Visual archives have long been a source of inspiration for historians, filmmakers, and artists alike.
Read more about my research into archives and 21st century technology in “From 8mm Film to Rear Lit Emulsion, How Digital Technology Can Reframe Memories,”an article I wrote for DaVinci Fest Live, 2020.
Fascinated with home movies shot on 8mm film in the mid-1960s, I began thinking about the ways in which technology has influenced domestic archives, both from the perspective of the hobbyist filmmaker as well as the archivist trying to preserve cultural artifacts. Questions of access, choice, and structures around domestic archives began to emerge.
Studying a Domestic Archive
Having acquired a collection of 8mm films that were shot during the mid-1960’s by J. F. Vodges, resident of South Philadelphia, I set to work studying the films. Using the software double8scan developed by Björn Roth, I processed strips of films that I scanned on a flatbed scanner and extracted approximately 10,000 still images. And then I began iterating on the images with hand processes.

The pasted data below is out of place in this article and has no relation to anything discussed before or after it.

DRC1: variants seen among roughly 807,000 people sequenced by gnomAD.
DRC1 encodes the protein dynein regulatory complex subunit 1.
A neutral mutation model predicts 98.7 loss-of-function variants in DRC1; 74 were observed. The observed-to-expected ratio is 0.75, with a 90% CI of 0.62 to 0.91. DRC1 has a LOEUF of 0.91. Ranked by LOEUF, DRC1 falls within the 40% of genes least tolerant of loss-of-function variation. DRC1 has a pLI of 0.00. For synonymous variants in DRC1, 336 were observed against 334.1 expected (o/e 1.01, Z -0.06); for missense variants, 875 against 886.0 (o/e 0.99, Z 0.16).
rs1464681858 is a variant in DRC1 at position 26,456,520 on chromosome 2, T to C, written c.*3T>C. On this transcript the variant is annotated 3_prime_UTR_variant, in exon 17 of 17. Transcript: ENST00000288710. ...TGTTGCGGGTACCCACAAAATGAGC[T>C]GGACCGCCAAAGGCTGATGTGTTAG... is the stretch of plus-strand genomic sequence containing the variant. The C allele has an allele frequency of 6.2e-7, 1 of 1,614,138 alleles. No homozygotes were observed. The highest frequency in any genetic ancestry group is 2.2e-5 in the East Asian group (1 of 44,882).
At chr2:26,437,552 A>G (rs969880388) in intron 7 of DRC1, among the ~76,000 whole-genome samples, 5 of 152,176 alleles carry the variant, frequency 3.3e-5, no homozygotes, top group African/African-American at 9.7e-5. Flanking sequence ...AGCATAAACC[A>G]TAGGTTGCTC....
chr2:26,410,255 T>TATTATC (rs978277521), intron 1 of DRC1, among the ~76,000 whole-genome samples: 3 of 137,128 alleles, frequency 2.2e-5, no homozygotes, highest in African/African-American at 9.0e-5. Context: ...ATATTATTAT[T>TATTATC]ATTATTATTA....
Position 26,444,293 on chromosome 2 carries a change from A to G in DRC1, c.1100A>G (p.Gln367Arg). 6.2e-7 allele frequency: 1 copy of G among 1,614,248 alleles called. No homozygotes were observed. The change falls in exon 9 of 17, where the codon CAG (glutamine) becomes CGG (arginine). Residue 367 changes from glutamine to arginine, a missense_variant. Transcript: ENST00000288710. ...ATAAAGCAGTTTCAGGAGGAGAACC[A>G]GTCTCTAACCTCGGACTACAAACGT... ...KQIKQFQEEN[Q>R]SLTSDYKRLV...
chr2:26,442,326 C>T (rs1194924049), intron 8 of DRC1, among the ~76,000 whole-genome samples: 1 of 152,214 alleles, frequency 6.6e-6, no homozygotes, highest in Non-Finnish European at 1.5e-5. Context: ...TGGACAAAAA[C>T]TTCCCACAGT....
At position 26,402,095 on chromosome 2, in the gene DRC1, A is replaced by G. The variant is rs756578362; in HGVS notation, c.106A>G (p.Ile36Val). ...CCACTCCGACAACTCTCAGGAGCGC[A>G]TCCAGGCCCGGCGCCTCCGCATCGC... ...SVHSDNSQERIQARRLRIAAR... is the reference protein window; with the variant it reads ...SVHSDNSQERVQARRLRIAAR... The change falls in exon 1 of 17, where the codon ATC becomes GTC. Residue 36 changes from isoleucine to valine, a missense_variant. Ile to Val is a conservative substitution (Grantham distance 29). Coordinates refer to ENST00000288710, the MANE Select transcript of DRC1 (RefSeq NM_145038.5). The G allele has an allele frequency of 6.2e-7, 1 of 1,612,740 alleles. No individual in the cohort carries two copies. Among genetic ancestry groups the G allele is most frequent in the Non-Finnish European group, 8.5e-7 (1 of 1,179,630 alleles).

Combining Domestic with Public Archives
Looking through the collection of films from the 1960’s, I began to think about merging the personal with the political, the private with the public, through historic archives. What was happening historically in public culture when these films were shot? How would these personal archives be sorted, stored, and organized if they were combined with a public archive, and what would these personal experiences say or reflect what was happening on a larger political scale. The result of this thought process were a series of digital and hand-processed collages printed on reverse lit film for custom designed light boxes.View Light Boxes